Last time I began a series on insomnia, including the different types, and discussed blood sugar regulation. This time, we will discuss the role of neurotransmitters and magnesium.
Many people have heard of tryptophan, which is an amino acid found in turkey, chicken, milk, cheese and eggs that is known to play a role in sleep. I know growing up we would joke about being in a “turkey coma” after thanksgiving, and my parents would often tell my sister and I to have a glass of warm milk to help us get to sleep when we were kids. Tryptophan metabolism can take several pathways in the body, one of them being to synthesize the neurotransmitter serotonin (which is known as the “feel good” neurotransmitter). The intermediate product as tryptophan is made into serotonin is something called 5-hydroxytryptophan, also known as 5HTP for short. 5HTP gets converted into serotonin, which then gets chemically altered in the pineal gland located in the brain, to eventually synthesize melatonin. Melatonin is a hormone that plays a role in the sleep wake cycle. 6 The production of melatonin is affected by light exposure to the eyes, as well as the amount of serotonin available to be converted to Melatonin. It is important to point out that this metabolic pathway requires certain nutrients including iron, vitamin C, folic acid, magnesium, to convert tryptophan to 5HTP, and vitamin B6 is required to convert 5HTP to serotonin, so sometimes just starting on a multivitamin can help. 7(220),8
I do recommend supplementing with 100-300mg of 5HTP about 30-45 minutes prior to bedtime (only if you are NOT taking an antidepressant medication because they do interact), however keep in mind that some people will experience side effects from these supplements. 4,9 If you experience irritability, agitation or GI symptoms such as nausea, or gas, discontinue its use. Melatonin can also be helpful for occasional bouts of insomnia, however I generally don’t recommend taking melatonin every night because as you begin to continuously supplement, the body eventually stops production. Keep in mind this normally occurs in the elderly (production of melatonin diminishes, but you don’t want to have your body stop producing this if you can help it). Treatment with melatonin is most effective in people who have low levels to start with 2(752), so please keep this in mind if it doesn’t work when you take it. If you want to give melatonin a try, a dosage of 1-3gm at bedtime generally does the trick for most people with low levels. 2(756) There are several products that can be recommended that only have a small amount of melatonin and other sleep inducing botanicals. (more on botanicals in the coming weeks)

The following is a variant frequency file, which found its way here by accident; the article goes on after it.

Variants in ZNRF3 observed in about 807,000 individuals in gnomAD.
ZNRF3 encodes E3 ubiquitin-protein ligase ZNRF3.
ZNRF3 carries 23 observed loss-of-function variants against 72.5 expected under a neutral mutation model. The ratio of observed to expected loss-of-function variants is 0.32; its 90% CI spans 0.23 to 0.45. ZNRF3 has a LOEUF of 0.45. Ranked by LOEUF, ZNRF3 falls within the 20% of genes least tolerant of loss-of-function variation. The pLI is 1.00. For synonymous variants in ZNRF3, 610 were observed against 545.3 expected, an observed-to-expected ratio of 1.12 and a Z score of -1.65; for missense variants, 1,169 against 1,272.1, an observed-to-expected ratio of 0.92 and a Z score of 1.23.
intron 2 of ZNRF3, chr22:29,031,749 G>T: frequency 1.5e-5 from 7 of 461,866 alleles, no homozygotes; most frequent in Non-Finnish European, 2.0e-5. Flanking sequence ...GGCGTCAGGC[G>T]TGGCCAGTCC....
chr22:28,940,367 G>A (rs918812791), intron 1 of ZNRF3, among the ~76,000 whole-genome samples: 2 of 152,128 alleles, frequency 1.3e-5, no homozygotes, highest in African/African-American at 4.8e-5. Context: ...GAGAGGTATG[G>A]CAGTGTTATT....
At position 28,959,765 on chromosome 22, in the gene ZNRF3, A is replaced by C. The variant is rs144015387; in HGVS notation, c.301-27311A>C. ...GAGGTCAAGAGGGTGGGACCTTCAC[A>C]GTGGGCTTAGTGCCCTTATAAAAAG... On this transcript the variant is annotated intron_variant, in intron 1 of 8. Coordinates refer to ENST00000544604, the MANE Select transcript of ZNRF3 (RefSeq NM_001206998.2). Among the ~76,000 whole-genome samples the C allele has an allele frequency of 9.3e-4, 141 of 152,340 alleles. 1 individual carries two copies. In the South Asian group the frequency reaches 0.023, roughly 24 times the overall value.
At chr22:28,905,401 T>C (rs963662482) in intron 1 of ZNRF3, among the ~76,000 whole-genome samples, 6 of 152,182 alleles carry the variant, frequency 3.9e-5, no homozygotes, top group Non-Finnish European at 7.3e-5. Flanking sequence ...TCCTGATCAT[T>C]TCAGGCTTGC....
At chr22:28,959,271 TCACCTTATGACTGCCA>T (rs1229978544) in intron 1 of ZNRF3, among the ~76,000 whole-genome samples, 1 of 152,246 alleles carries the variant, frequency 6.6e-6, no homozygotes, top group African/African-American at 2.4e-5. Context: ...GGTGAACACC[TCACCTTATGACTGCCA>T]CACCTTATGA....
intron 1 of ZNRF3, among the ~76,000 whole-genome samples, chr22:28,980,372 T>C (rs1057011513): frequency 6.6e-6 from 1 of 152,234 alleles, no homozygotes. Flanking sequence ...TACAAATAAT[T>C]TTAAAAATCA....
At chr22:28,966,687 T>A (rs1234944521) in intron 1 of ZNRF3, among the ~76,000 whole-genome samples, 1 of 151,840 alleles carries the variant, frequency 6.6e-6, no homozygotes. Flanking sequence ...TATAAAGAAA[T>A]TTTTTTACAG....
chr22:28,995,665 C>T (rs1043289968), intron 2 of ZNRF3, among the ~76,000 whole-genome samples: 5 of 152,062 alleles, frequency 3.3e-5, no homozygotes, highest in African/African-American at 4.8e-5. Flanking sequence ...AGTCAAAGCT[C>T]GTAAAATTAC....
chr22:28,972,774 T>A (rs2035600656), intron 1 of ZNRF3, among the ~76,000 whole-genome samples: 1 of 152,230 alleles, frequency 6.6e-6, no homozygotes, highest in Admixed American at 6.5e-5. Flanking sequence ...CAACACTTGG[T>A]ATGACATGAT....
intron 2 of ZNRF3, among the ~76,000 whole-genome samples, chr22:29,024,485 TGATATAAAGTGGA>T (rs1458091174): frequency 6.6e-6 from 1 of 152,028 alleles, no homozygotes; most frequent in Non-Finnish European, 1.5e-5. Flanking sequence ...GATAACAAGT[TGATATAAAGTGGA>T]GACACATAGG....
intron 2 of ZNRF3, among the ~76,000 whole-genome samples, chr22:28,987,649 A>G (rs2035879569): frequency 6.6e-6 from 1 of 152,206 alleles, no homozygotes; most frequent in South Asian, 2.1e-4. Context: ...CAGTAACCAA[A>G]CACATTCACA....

Magnesium is a mineral most known for its involvement in several hundred enzymatic reactions in the body as well as its role in the structure and function of our body. 60% of the magnesium in the body is found in the skeleton10 and this mineral plays a role in energy production, muscle relaxation, and helps regulate other minerals in the body including calcium, copper and zinc. 11 In addition, magnesium is important in muscle relaxation, and can have a calming effect on people, as their muscles become more relaxed. According to the University of Maryland Medical Center, a magnesium deficiency can cause restless leg syndrome, irritability, and sleep disorders including insomnia. 11 I often recommend taking a magnesium supplement at night- about 200-400mg. Rich food sources of magnesium include tofu, wheat bran, nuts, legumes and green leafy vegetables.
2 Murray & Pizzorno. The Encyclopedia of Natural Medicine- 3rd edition. New York: Atria; 2012.
7 Bralley J & Lord R. Laboratory Evaluations for Integrative and Functional Medicine- revised 2nd edition. Metametrix Institute: Duluth, Georgia; 2012.